Prior to Investing in a Franchise, Interview Existing Franchisees

One of the most important steps in your journey to find the ideal franchise opportunity is what’s known as validation. Validation refers to the process of interviewing franchisees who have bought into a concept that you have expressed interest in. It is during the validation process that you gain the most insight into whether a particular franchise opportunity is right for you.

The Franchise Disclosure Document (FDD) contains a list of every franchisee and, in most cases, contact information. You may choose to ask the franchisor for assistance in finding franchisees to speak to. However, it is strongly recommended that you seek out franchisees on your own.

The key to getting the most out of your conversation is to prepare a list of questions. In doing so, identify your goals. Is it important to learn about the day-to-day routine? About the experience with employees or customers? Perhaps understanding the role of the franchisor is necessary in helping you make a decision. These franchisees are busy, and you must be respectful of their time. You may not get all of your questions answered, so it is important to prioritise them.

Every franchise system will have a range of franchisees, High performers, those struggling and everything in between. Work to speak to franchisees that represent each section of the group. If you encounter a franchisee that is negative, perhaps explore that line of questioning with other franchisees to determine if it is a systemic problem or particular to that franchisee. Some people (franchisees) are just different (glass-half-full and those that are glass-half-empty), so try to see beyond the individual and focus on the specific issue rather than how the individual feels about it. Every franchise system will have franchisees that are negative and those that are positive so focus on the business not the people. The more franchisees you speak with, the better a snapshot you will have.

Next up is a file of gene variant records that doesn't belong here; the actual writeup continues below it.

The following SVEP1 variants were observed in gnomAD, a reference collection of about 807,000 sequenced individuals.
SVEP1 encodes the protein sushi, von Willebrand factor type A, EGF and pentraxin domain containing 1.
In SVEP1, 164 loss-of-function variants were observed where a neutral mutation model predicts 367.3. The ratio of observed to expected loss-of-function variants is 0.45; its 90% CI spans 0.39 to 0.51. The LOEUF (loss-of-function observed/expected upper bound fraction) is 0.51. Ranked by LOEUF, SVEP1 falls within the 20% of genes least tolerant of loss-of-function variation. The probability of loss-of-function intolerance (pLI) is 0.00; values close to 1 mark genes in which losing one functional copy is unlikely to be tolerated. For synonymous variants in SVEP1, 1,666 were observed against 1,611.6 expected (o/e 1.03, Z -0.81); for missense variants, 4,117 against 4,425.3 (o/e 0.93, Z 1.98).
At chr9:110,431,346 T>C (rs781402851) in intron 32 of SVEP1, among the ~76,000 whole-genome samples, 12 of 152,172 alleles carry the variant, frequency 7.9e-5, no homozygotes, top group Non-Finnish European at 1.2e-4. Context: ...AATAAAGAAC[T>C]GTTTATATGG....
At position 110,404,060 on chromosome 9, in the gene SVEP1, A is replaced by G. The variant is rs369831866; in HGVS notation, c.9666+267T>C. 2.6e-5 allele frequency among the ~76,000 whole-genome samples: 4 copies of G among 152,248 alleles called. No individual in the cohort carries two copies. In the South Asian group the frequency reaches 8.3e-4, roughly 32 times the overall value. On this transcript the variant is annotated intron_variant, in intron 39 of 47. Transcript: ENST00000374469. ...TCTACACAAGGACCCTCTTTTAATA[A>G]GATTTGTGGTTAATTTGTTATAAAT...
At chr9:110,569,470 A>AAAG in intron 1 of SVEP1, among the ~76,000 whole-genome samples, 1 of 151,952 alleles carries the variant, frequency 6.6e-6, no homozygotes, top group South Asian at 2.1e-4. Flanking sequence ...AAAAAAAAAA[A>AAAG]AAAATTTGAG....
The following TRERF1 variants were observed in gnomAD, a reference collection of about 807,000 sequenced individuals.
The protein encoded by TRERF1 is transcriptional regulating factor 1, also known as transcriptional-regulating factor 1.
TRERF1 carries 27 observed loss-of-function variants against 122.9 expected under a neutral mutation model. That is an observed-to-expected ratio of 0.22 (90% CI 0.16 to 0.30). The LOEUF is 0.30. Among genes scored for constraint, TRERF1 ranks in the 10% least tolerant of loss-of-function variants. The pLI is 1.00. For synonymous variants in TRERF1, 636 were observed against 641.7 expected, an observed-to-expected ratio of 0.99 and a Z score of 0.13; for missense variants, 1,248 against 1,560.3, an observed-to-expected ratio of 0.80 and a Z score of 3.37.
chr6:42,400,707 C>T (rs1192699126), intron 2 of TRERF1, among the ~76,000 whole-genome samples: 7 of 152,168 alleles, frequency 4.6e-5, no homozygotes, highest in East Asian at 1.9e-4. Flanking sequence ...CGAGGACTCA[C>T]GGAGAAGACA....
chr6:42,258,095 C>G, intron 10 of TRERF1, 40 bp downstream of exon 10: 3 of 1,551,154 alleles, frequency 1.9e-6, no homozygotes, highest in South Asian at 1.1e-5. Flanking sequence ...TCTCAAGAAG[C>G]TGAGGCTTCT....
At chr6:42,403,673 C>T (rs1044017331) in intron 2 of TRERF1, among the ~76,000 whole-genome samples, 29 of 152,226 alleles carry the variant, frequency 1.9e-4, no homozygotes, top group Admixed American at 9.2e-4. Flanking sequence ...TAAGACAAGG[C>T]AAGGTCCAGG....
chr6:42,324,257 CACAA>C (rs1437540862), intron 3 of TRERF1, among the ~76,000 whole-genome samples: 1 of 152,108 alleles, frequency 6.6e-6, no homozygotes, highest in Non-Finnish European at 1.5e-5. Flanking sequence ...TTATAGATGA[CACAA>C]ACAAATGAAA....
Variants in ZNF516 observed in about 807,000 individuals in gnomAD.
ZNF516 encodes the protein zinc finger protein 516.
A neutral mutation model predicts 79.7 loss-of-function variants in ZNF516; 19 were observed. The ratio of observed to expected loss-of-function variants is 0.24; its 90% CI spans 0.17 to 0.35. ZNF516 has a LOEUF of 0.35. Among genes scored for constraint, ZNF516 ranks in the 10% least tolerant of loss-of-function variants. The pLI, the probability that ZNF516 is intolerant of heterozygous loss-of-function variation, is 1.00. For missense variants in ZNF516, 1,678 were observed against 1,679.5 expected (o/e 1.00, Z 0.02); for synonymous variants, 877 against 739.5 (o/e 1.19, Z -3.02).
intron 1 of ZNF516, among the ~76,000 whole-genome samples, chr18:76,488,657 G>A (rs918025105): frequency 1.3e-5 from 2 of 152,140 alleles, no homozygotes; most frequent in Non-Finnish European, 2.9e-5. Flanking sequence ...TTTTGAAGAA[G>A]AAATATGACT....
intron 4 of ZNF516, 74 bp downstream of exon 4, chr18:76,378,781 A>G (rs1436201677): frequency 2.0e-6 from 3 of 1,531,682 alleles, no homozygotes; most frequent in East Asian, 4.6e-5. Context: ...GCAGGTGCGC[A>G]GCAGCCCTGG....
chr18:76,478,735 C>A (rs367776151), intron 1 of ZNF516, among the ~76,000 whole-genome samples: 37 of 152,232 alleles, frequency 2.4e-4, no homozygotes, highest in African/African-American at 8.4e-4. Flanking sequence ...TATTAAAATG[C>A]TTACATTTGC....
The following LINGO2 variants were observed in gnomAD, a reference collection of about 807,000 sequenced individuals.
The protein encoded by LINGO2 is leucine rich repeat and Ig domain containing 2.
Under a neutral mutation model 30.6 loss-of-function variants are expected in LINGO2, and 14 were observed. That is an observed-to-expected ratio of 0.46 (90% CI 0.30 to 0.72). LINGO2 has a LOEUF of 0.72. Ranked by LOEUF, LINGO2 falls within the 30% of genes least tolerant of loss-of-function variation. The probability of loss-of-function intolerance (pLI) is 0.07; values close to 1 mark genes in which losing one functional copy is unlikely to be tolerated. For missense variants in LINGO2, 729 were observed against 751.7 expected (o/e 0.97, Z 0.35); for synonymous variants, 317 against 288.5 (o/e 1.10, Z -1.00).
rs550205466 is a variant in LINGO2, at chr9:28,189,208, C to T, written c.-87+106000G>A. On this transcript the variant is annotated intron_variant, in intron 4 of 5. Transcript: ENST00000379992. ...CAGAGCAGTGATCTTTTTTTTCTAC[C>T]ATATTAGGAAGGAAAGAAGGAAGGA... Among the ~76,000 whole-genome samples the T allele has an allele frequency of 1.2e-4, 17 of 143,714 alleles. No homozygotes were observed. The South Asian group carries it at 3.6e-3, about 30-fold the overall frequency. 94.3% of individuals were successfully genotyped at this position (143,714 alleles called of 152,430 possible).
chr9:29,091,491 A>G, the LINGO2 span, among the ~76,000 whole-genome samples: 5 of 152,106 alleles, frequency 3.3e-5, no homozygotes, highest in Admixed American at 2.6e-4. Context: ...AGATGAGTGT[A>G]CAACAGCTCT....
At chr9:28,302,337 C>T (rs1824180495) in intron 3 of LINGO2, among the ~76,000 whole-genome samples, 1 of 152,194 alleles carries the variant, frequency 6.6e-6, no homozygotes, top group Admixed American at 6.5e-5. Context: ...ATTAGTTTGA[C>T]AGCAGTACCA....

Top 10 Questions to Ask When Interviewing Franchisees:

1. What has been the most rewarding part of being a franchisee? What has been the most unexpected struggle?

How the franchisee responds to these questions will tell you a great deal about how closely expectations have been met.

2. What were you doing prior to being a franchisee?

Understanding a franchisee’s background may offer insight into what personality type and what skill set aligns with the franchise opportunity.

3. Was the training and assistance in opening your location provided by the franchisor adequate? What could they have done better?

One of the biggest benefits of buying a franchise is not doing it alone. For a good system, that starts before you are open for business. Ask the franchisee how prepared they felt once open and if there is anything they think should be added to the training.

4. How has the franchisor’s support been since you have been open for business? You want to know what the operational support is like but also how do they help with the changing face of business (labour costs, supply chain and COGs)

Most franchisors assign an employee, typically titled an area manager/business or operations consultant, to your location to periodically check in. This person’s job is twofold. One, to assist you with day-to-day operations, and two, to ensure you are abiding by the guidelines set forth by the franchisor. Ask the franchisee what kind of assistance he or she has provided. How often do they make a visit? All-in-all, does the franchisee feel properly supported? Does the franchisor have support staff with expertise to assist you in managing the costs of operating a business?